And well, of course also because

3. it simply looks pretty neat!

Friday, September 20

Frilled veil workshop at the Ronneburg

Already some time ago (is it three weeks already?! yes it is!) Deventer Burgerscap attended the '100 Jahre 14tes Jahrhundert / 100 years of 14th century' event at the Ronneburg near Frankfurt-am-main. It was the second time we went and it was wonderful again! The setting is just beautiful and of course it is always a pleasure to see and spend time with old friends.
Together with Sahra Hirschfeld from Germany and Mervi Pasanen from Finland I organized a 2 day long frilled veil workshop. On Friday evening we had three lectures focusing on different aspects of frilled veils. Sahra focused on the evolution of the frilled veil througout the 14th and early 15th centuries. Mervi had very thoughtful things to tell about the use of frilled veils in historical reenactment. I did a talk about the archeological finds of frilled veils, and what we know about the construction of frilled headwear both from these finds and from written sources.

A beautiful setting for lectures. Photo by Ilona Reiniharju
Meet our audience. Photo by Hugh McDonald
Exchanging ideas with both the other 'teachers' but also our wonderful audience was a great learning experience. Talking about this kind of subjects with other frilled veil geeks really helps my own thinking process. I feel like I urgently need to write some new articles about this subject. Time is the only problem.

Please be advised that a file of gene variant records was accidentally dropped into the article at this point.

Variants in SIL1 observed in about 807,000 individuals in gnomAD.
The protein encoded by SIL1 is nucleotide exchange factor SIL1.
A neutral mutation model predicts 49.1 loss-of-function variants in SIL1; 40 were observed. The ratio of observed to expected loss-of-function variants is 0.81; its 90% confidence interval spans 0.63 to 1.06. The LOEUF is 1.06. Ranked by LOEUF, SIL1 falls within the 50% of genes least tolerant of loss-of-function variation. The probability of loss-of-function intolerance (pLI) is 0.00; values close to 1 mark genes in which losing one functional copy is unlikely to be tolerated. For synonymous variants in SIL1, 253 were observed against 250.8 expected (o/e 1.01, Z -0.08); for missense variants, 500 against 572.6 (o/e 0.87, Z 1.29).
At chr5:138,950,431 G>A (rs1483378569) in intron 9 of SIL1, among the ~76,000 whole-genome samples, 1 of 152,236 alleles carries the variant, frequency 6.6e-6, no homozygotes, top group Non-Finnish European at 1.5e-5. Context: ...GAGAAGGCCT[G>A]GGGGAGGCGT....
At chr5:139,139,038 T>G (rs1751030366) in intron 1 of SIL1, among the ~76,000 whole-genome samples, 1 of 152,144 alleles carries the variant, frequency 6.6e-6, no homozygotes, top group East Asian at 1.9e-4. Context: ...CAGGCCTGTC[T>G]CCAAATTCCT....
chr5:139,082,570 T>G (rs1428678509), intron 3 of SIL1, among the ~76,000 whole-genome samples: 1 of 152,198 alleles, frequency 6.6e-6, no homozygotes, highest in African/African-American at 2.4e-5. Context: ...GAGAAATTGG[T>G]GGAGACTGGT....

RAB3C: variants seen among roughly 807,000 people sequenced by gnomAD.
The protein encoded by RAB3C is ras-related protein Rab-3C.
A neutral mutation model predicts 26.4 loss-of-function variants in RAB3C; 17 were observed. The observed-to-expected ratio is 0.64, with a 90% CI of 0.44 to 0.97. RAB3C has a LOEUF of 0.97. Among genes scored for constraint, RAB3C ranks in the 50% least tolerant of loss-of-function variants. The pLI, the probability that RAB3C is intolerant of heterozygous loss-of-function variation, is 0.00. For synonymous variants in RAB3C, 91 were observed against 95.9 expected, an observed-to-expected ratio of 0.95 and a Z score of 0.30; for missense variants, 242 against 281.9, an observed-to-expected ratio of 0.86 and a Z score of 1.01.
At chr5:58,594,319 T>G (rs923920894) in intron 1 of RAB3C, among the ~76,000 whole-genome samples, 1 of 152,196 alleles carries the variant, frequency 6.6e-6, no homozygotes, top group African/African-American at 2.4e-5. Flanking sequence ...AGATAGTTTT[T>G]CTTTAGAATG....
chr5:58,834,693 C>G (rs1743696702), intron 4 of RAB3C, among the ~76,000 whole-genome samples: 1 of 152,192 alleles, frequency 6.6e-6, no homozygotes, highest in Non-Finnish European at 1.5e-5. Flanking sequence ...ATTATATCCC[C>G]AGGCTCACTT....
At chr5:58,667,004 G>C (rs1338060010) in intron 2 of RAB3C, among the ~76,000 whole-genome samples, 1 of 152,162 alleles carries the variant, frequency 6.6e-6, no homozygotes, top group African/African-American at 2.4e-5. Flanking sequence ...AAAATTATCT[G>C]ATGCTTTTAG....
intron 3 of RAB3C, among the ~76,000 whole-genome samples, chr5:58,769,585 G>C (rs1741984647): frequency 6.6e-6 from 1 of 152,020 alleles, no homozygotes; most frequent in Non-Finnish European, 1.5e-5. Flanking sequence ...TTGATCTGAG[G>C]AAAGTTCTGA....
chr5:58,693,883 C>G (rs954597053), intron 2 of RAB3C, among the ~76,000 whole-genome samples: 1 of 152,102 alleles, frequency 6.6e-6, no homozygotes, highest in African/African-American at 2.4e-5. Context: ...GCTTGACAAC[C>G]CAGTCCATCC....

A honeycomb frill sample made by me. Photo by Ilona Reiniharju
Mervi and me getting ready for our talk. Photo by Ilona Reiniharju
Most of what has been published so far is written from an art-historical perspective, rather than asking questions about construction. Especially how construction was interlinked with the type of frilled veil, changed over time and differed from place to place has not received much attention. Work to do!

Mervi demonstrating different types of frilled veils. Photo by Ilona Reiniharju
Mervi also made a blogpost about the workshop and weekend. Go read! However, be aware of the fact that she really goes overboard with putting me on a pedestal. While reading, please keep in mind I am just a normal person. Really. I'm serious. Honestly.

Mervi and me hemming, hemming and hemming. Photo by Ilona Reiniharju
Sahra's beatiful woollen frilled veil. Photo by Hugh McDonald
Me doing talkses. Photo by Hugh McDonald
Another details of Sahra's veil. Photo by Ronald Frank Vetter
Mervi doing talkses. Photo by Ronald Frank Vetter
Some results of the workshop. Photo by Viktoria Holmqvist
Because we spent so much time hemming, hardly any of the participants managed to make actual frills during the weekend. Viktoria was kind enough to share this picture after she got home. So nice to see the results!

So, I'll keep thinking about frilled veils (I don't think I think about much else anyway) and hopefully I can squeeze in an article sometime soonish. Don't strangle me, please, if it turns out to take more time ;-)